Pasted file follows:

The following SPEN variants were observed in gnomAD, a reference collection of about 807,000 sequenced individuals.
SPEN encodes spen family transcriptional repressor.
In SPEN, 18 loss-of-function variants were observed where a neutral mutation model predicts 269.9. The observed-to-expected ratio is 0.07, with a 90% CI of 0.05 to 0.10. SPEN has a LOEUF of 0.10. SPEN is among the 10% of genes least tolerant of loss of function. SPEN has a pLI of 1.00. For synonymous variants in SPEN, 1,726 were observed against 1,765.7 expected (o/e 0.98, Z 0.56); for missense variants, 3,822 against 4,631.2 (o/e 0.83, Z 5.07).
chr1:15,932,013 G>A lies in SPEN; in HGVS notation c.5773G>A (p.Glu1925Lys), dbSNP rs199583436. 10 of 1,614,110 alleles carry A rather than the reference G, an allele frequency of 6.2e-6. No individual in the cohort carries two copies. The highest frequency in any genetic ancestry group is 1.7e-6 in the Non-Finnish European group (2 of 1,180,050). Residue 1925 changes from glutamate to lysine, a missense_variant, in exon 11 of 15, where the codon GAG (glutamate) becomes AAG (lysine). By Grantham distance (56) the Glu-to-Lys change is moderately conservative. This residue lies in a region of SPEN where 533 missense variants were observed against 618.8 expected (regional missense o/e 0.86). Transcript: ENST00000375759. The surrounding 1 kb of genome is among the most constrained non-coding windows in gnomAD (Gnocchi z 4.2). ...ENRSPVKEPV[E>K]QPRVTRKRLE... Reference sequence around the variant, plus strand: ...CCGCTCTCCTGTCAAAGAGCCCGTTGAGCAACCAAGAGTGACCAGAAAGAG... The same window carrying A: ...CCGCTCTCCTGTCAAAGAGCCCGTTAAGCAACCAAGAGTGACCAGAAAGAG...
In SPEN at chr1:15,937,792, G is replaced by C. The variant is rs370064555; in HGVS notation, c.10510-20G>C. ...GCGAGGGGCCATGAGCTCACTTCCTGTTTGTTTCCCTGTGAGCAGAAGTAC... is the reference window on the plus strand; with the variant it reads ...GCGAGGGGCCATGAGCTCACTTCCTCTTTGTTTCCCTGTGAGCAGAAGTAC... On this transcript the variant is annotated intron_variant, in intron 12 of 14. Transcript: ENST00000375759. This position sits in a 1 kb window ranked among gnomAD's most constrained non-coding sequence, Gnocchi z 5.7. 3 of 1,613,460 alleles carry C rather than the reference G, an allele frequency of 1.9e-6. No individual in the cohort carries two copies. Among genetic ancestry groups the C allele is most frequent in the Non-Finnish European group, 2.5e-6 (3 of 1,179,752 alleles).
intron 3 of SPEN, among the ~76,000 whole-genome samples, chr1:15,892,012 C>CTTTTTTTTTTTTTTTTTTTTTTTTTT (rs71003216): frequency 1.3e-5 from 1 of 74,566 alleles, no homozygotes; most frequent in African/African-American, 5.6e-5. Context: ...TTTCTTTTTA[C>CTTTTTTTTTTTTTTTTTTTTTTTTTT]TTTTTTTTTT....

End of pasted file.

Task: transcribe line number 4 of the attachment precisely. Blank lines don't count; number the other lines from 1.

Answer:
chr1:15,932,013 G>A lies in SPEN; in HGVS notation c.5773G>A (p.Glu1925Lys), dbSNP rs199583436. 10 of 1,614,110 alleles carry A rather than the reference G, an allele frequency of 6.2e-6. No individual in the cohort carries two copies. The highest frequency in any genetic ancestry group is 1.7e-6 in the Non-Finnish European group (2 of 1,180,050). Residue 1925 changes from glutamate to lysine, a missense_variant, in exon 11 of 15, where the codon GAG (glutamate) becomes AAG (lysine). By Grantham distance (56) the Glu-to-Lys change is moderately conservative. This residue lies in a region of SPEN where 533 missense variants were observed against 618.8 expected (regional missense o/e 0.86). Transcript: ENST00000375759. The surrounding 1 kb of genome is among the most constrained non-coding windows in gnomAD (Gnocchi z 4.2). ...ENRSPVKEPV[E>K]QPRVTRKRLE... Reference sequence around the variant, plus strand: ...CCGCTCTCCTGTCAAAGAGCCCGTTGAGCAACCAAGAGTGACCAGAAAGAG... The same window carrying A: ...CCGCTCTCCTGTCAAAGAGCCCGTTAAGCAACCAAGAGTGACCAGAAAGAG...